A person has enlisted the help of the internet after discovering bizarre pods hanging from their macadamia tree.
“What in the ACTUAL F$?& are these?” the person wrote on a Hervey Bay Facebook group.
The photo shows five flesh-coloured, sack-like objects hanging from a web, and was presumably taken in the Hervey Bay area in Queensland.
“Alien eggs,” someone suggested, while a few other people were also quick to point their fingers at aliens.
“Looks like the aliens have arrived. Guess I didn’t need to stockpile all that toilet paper and pasta after all,” one woman said before clarifying she was joking.
However, other people had a more sensible, yet perhaps equally terrifying for some, ideas as to what left the peculiar pods hanging in the macadamia tree - spiders.
The Magnificent Spider from the Bolas family, in particular, was identified as a lead suspect.
It turns out there are three types of Bolas spiders which can be found in eastern Australia, including the Magnificent Spider, or Ordgarius magnificus.
“The Magnificent Spider, as one of the Bolas spider group, has evolved a highly sophisticated way of capturing prey using a single line of sticky silk to capture moths,” the Australian Museum says.
Yahoo News Australia reached out to Dr Lizzy Lowe, a researcher from Sydney’s Macquarie University who has studied spiders and she confirmed the pods do look to be the work of a bolas spider, which she said are “very cool” spiders.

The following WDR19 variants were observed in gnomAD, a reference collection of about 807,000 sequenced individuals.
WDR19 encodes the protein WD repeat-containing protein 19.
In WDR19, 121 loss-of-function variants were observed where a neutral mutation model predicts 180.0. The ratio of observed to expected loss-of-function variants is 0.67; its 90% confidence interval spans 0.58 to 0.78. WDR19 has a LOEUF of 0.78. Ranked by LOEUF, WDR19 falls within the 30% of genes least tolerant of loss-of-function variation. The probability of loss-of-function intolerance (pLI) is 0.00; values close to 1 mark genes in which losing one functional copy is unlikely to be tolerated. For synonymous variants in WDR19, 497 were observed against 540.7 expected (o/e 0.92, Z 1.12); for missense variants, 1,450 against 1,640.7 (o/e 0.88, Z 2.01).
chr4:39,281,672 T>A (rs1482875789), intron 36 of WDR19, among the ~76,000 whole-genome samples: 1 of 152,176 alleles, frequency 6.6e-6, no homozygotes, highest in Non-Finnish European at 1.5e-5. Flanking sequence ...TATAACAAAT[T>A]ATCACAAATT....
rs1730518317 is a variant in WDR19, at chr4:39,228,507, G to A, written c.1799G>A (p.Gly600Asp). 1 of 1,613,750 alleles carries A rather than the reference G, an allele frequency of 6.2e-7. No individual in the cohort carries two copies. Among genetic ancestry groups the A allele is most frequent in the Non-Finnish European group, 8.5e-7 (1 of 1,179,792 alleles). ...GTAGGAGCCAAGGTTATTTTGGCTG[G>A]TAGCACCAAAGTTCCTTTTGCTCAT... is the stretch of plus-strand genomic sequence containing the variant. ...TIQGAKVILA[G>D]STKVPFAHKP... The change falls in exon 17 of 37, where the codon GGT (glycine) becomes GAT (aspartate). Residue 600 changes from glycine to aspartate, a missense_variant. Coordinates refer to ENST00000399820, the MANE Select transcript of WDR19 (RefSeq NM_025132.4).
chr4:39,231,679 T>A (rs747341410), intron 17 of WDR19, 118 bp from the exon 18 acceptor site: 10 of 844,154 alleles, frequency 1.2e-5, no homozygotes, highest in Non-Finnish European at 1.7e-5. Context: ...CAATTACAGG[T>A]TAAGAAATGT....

Spiders known to visit suburban gardens
Apparently the spiders like to dwell in native trees in dry or wet sclerophyll forests, however they have been known to pop up in suburban gardens, the Australian Museum says.
This disturbing fact was backed up by people in the comments on the Facebook page.
“I had the same in my garden,” someone said.
“It’s a Bolas spider they look really gruesome, but interesting.”
The Magnificent Spiders may prefer native trees their “characteristic spindle-shaped egg sacs” are often found nearby, according to the Australian Museum.
A single egg sac can contain 600 spider eggs, and the female spider will construct the sacs over several nights.
“The egg sacs are attached to a branch, and may number up to seven. They are often parasitised by wasps and flies,” the Australian Museum says.
“The mother spider usually dies off over winter. The baby spiders emerge in late winter to early spring and disperse by ballooning.”
Magnificent Spiders are not a threat to humans and the females are known for their unique markings.
Some suggest fiery death for baby spiders
While someone in the comments of the Facebook post said the spiders are fine and will get rid of mosquitoes, the most popular course of action seemed to be getting rid of the sac, with fire.
“Blow torch will fix them,” someone said.
“600 eggs each sack? Burn the whole damn tree,” another person suggested.
However, not everyone was scared by the prospect of baby spiders ‘ballooning’ out of the sacs.
“Those little guys are incredible, they skydive out of those sacs safely to the ground with web parachutes when they hatch,” someone said.
“Just leave them, pose no risk to you what so ever and the geckos need stuff to eat to.”
Do you have a story tip? Email: firstname.lastname@example.org.